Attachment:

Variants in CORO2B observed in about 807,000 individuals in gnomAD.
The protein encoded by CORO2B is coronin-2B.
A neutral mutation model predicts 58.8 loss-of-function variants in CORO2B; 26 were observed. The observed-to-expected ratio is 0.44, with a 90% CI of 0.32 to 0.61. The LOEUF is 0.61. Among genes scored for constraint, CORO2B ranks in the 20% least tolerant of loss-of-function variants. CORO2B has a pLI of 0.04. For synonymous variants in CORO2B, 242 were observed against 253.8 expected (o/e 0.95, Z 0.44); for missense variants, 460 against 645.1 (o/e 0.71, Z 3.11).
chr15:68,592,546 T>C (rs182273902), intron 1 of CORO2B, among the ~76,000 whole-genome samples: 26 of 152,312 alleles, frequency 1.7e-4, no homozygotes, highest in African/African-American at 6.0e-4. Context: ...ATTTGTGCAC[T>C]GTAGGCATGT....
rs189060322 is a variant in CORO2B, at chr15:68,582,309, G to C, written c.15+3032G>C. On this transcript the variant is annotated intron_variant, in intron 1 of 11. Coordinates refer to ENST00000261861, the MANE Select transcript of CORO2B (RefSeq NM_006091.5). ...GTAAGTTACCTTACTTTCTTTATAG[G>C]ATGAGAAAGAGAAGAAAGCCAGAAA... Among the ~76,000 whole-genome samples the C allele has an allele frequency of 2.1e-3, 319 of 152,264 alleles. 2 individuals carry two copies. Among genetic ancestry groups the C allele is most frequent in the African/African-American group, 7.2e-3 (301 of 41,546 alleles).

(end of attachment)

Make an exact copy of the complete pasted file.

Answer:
Variants in CORO2B observed in about 807,000 individuals in gnomAD.
The protein encoded by CORO2B is coronin-2B.
A neutral mutation model predicts 58.8 loss-of-function variants in CORO2B; 26 were observed. The observed-to-expected ratio is 0.44, with a 90% CI of 0.32 to 0.61. The LOEUF is 0.61. Among genes scored for constraint, CORO2B ranks in the 20% least tolerant of loss-of-function variants. CORO2B has a pLI of 0.04. For synonymous variants in CORO2B, 242 were observed against 253.8 expected (o/e 0.95, Z 0.44); for missense variants, 460 against 645.1 (o/e 0.71, Z 3.11).
chr15:68,592,546 T>C (rs182273902), intron 1 of CORO2B, among the ~76,000 whole-genome samples: 26 of 152,312 alleles, frequency 1.7e-4, no homozygotes, highest in African/African-American at 6.0e-4. Context: ...ATTTGTGCAC[T>C]GTAGGCATGT....
rs189060322 is a variant in CORO2B, at chr15:68,582,309, G to C, written c.15+3032G>C. On this transcript the variant is annotated intron_variant, in intron 1 of 11. Coordinates refer to ENST00000261861, the MANE Select transcript of CORO2B (RefSeq NM_006091.5). ...GTAAGTTACCTTACTTTCTTTATAG[G>C]ATGAGAAAGAGAAGAAAGCCAGAAA... Among the ~76,000 whole-genome samples the C allele has an allele frequency of 2.1e-3, 319 of 152,264 alleles. 2 individuals carry two copies. Among genetic ancestry groups the C allele is most frequent in the African/African-American group, 7.2e-3 (301 of 41,546 alleles).